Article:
116 3rd St SE
Cedar Rapids, Iowa 52401
IOWA CITY — Protesters took a stand Thursday evening on a divisive issue making headlines nationwide.
Upward of 100 people gathered at the University of Iowa Pentacrest in downtown Iowa City — chanting, clapping, singing — in a peaceful protest against police brutality nationwide.
The 'Black Lives Matter' rally was called in the wake of the deaths this month of black men at the hands of police in Minnesota and Louisiana. The organizers — Abigail Thomas, Nailah Roberts and Taylor Davis — called for changes within the Iowa City and UI police departments.
Many spoke of the importance of taking a stand — or even simply voting.
Davis, of Iowa City, said this was the first Black Lives Matter rally he has attended. To him, it was a chance to break his silence.
'There's a lot we can do,' Davis said. 'Protesting is only the beginning.'
T'era Kirk, 21, and Quay Campbell, 22, both of Iowa City, were among the first to arrive after hearing about the event on Facebook. Both later spoke at the rally.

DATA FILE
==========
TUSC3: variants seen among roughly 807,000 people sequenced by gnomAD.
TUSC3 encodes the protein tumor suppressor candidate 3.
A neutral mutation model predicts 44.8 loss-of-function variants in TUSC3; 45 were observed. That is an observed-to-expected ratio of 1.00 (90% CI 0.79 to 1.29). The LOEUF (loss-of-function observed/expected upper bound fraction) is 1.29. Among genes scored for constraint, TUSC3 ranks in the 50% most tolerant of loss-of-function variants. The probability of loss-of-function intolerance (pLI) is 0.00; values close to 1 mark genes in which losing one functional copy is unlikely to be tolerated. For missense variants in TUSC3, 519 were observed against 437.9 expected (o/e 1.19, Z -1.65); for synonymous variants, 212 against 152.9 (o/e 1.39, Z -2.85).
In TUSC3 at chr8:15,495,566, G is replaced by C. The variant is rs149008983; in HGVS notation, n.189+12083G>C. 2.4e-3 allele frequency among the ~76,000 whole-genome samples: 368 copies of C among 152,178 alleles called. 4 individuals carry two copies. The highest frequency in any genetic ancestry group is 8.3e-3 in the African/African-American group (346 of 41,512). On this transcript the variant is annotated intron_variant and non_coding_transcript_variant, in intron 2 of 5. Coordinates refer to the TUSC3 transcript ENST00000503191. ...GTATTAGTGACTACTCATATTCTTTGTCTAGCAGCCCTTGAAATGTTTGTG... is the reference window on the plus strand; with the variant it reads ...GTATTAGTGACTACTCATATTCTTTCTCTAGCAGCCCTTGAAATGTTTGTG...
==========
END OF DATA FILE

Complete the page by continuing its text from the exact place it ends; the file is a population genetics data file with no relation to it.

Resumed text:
Kirk said after seeing everyone gathered for the rally she was 'confident my city would speak out on my behalf' if something were to happen to her.
Campbell and Kirk both said they often are fearful of the experiences they have with police officers.
'Every time I leave the house, I have to wonder if I won't come back,' Campbell said.
Campbell, who has a young son and daughter, said he will have to have conversations with his children about police brutality.
On the rally's Facebook page, organizers referred to two incidents they allege represent excessive force.
One incident, in 2014, a UI student was arrested while walking home and later found guilty of public intoxication. Organizers said UI police profiled him 'as Hispanic although he was white.'
A second incident referenced took place in 2015 when a black teenager was arrested at the Robert A. Lee Community Recreation Center 'using unwarranted, intense force,' organizers said.
Part of the incident was captured on a short video clip and posted at the time on the change.org website.
Iowa City Sgt. Scott Gaarde said the department has addressed the incident since it occurred. In a memo at the time, the city manager said the officer had not violated policy but would receive additional training.
Gaarde said his department was aware of the rally before it took place.
'We're certainly here to protect the personal rights of individuals and we are certainly against police brutality, because it makes an already difficult job even harder,' Gaarde said.